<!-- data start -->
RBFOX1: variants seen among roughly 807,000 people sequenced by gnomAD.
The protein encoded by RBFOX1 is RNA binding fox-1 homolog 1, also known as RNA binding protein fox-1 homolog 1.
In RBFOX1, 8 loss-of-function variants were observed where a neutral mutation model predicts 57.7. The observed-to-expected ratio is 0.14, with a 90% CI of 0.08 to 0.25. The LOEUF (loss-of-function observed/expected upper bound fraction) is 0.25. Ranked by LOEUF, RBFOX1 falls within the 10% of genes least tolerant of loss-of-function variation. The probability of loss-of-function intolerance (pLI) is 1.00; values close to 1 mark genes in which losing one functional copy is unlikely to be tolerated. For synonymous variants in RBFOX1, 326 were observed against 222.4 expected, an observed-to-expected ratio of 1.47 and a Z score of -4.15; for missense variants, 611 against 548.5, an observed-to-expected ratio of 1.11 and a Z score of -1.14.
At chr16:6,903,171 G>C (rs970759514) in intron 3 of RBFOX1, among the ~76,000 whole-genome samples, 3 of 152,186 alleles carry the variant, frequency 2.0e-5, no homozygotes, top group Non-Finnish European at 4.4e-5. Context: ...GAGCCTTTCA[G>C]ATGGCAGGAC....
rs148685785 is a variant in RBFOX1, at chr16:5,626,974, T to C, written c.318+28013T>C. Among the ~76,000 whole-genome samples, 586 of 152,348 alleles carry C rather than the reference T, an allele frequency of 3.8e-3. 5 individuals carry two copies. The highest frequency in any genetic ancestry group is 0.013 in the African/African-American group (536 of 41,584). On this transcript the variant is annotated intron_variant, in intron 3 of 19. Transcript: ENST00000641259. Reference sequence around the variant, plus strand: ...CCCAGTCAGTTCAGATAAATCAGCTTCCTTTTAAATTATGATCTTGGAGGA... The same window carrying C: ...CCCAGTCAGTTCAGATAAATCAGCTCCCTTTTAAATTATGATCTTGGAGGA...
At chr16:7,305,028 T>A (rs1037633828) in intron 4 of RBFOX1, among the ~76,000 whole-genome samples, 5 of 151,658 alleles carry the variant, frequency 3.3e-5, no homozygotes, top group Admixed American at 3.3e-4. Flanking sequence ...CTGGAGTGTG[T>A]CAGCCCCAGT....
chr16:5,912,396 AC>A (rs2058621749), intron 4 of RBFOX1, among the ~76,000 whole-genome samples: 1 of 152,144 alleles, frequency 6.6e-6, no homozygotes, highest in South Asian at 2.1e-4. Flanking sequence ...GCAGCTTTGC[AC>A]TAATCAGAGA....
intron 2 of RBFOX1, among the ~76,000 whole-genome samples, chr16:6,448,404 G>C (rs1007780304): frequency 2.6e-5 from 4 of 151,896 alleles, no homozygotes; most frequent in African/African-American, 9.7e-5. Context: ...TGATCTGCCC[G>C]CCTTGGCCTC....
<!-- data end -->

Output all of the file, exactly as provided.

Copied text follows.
RBFOX1: variants seen among roughly 807,000 people sequenced by gnomAD.
The protein encoded by RBFOX1 is RNA binding fox-1 homolog 1, also known as RNA binding protein fox-1 homolog 1.
In RBFOX1, 8 loss-of-function variants were observed where a neutral mutation model predicts 57.7. The observed-to-expected ratio is 0.14, with a 90% CI of 0.08 to 0.25. The LOEUF (loss-of-function observed/expected upper bound fraction) is 0.25. Ranked by LOEUF, RBFOX1 falls within the 10% of genes least tolerant of loss-of-function variation. The probability of loss-of-function intolerance (pLI) is 1.00; values close to 1 mark genes in which losing one functional copy is unlikely to be tolerated. For synonymous variants in RBFOX1, 326 were observed against 222.4 expected, an observed-to-expected ratio of 1.47 and a Z score of -4.15; for missense variants, 611 against 548.5, an observed-to-expected ratio of 1.11 and a Z score of -1.14.
At chr16:6,903,171 G>C (rs970759514) in intron 3 of RBFOX1, among the ~76,000 whole-genome samples, 3 of 152,186 alleles carry the variant, frequency 2.0e-5, no homozygotes, top group Non-Finnish European at 4.4e-5. Context: ...GAGCCTTTCA[G>C]ATGGCAGGAC....
rs148685785 is a variant in RBFOX1, at chr16:5,626,974, T to C, written c.318+28013T>C. Among the ~76,000 whole-genome samples, 586 of 152,348 alleles carry C rather than the reference T, an allele frequency of 3.8e-3. 5 individuals carry two copies. The highest frequency in any genetic ancestry group is 0.013 in the African/African-American group (536 of 41,584). On this transcript the variant is annotated intron_variant, in intron 3 of 19. Transcript: ENST00000641259. Reference sequence around the variant, plus strand: ...CCCAGTCAGTTCAGATAAATCAGCTTCCTTTTAAATTATGATCTTGGAGGA... The same window carrying C: ...CCCAGTCAGTTCAGATAAATCAGCTCCCTTTTAAATTATGATCTTGGAGGA...
At chr16:7,305,028 T>A (rs1037633828) in intron 4 of RBFOX1, among the ~76,000 whole-genome samples, 5 of 151,658 alleles carry the variant, frequency 3.3e-5, no homozygotes, top group Admixed American at 3.3e-4. Flanking sequence ...CTGGAGTGTG[T>A]CAGCCCCAGT....
chr16:5,912,396 AC>A (rs2058621749), intron 4 of RBFOX1, among the ~76,000 whole-genome samples: 1 of 152,144 alleles, frequency 6.6e-6, no homozygotes, highest in South Asian at 2.1e-4. Flanking sequence ...GCAGCTTTGC[AC>A]TAATCAGAGA....
intron 2 of RBFOX1, among the ~76,000 whole-genome samples, chr16:6,448,404 G>C (rs1007780304): frequency 2.6e-5 from 4 of 151,896 alleles, no homozygotes; most frequent in African/African-American, 9.7e-5. Context: ...TGATCTGCCC[G>C]CCTTGGCCTC....